2. Delivery Plan
2.4 Promote partnership, interdisciplinarity and globalization
Omics as a discipline represents a common language linking biological communities from human health through the bioeconomy to the environmental sciences. A key strategic objective is to ensure Environmental omics contributes to the significant synergies within UKRI (Box 5).
Beyond a shared core technology, the ‘complementarity’ between various antecedent research councils’ remits in the omics area is significant. For example, deriving the genomic basis of phenotype is important in understanding human genetic disease (MRC), the development of new crops (BBSRC) and in understanding evolutionary and adaptive processes (NERC). Shared science questions and grand challenges form the foundations on which to realise the benefits of shared knowledge between different communities.
Environmental science is fundamentally an interdisciplinary pursuit, for example, exploiting physical science to support remote sensing and earth observation, social science to map out the human–environment interface and engineers to deliver the solutions to major environmental challenges. UKRI will provide an extended opportunity for interdisciplinary teams to work together in pursuit of common goal, integration of omics approaches will be key to the success of these initiatives. Omics provides a powerful tool to aid in the understanding of conservation challenges but often the drivers are social, ranging from competition for natural resources to economic growth. Greater integration between researchers from different fields will provide better continuity from identification and understanding of environment issues to tangible solutions.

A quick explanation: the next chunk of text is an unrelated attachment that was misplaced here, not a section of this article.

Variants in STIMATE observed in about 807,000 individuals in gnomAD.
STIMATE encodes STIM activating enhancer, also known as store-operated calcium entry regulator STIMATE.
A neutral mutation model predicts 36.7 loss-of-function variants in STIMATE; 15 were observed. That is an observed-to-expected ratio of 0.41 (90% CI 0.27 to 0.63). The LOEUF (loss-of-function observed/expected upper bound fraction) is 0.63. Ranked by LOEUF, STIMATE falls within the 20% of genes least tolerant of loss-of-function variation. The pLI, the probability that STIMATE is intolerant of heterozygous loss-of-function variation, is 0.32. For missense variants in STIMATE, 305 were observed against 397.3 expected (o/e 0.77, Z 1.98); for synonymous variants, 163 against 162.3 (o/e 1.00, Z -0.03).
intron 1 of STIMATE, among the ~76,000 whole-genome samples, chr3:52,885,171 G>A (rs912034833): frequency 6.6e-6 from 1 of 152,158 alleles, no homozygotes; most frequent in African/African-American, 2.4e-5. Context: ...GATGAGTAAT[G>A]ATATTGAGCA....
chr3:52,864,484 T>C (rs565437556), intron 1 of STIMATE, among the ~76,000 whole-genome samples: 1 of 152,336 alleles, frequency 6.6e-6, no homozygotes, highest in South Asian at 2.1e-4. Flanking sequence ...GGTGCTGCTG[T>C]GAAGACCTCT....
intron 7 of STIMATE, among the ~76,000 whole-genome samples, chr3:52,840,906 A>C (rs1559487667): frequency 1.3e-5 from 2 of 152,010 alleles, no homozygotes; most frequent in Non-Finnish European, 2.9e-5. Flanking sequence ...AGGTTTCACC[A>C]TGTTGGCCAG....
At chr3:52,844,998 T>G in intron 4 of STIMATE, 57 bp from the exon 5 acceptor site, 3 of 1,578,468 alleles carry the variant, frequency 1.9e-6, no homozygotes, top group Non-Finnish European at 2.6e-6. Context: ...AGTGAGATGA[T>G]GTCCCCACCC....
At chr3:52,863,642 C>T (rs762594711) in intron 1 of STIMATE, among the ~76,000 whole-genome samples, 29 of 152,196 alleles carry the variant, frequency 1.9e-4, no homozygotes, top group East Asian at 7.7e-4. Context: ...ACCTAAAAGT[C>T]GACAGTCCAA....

Opportunities for business: Natural product discovery
Translation opportunities from environmental sequencing: generation of cleaner, greener alternative solutions for industrial processes and generation of novel products. For example: global market for industrial enzymes is expected to grow from nearly $5.0 billion in 2016 to $6.3-7.2 billion in 2020 with annual growth rates of between 4.6-5.8% (other examples: enzymes for food and beverage industry, animal feed and biofuels). With our enhanced capacity to sequence whole genomes cheaply, we are now in a position to exploit environmental species for novel enzymes and novel compounds in a way not previously possible, especially if linked to high through-put screening. This would be a real cross-council research field.